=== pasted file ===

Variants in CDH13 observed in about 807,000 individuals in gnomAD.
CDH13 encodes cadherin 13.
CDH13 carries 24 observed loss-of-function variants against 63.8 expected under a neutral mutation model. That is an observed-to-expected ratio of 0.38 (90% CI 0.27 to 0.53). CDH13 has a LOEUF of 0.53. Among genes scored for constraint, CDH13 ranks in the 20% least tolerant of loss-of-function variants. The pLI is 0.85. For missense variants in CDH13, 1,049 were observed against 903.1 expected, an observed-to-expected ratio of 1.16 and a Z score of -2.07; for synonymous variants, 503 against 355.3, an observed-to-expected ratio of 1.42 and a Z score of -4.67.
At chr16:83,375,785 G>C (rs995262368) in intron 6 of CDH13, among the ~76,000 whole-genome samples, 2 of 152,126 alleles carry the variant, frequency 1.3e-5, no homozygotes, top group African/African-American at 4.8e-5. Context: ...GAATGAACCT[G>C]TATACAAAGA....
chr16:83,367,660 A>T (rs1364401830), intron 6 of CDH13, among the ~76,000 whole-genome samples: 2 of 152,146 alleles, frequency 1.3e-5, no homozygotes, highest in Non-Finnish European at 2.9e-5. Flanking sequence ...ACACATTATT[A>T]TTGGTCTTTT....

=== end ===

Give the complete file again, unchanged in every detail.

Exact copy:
Variants in CDH13 observed in about 807,000 individuals in gnomAD.
CDH13 encodes cadherin 13.
CDH13 carries 24 observed loss-of-function variants against 63.8 expected under a neutral mutation model. That is an observed-to-expected ratio of 0.38 (90% CI 0.27 to 0.53). CDH13 has a LOEUF of 0.53. Among genes scored for constraint, CDH13 ranks in the 20% least tolerant of loss-of-function variants. The pLI is 0.85. For missense variants in CDH13, 1,049 were observed against 903.1 expected, an observed-to-expected ratio of 1.16 and a Z score of -2.07; for synonymous variants, 503 against 355.3, an observed-to-expected ratio of 1.42 and a Z score of -4.67.
At chr16:83,375,785 G>C (rs995262368) in intron 6 of CDH13, among the ~76,000 whole-genome samples, 2 of 152,126 alleles carry the variant, frequency 1.3e-5, no homozygotes, top group African/African-American at 4.8e-5. Context: ...GAATGAACCT[G>C]TATACAAAGA....
chr16:83,367,660 A>T (rs1364401830), intron 6 of CDH13, among the ~76,000 whole-genome samples: 2 of 152,146 alleles, frequency 1.3e-5, no homozygotes, highest in Non-Finnish European at 2.9e-5. Flanking sequence ...ACACATTATT[A>T]TTGGTCTTTT....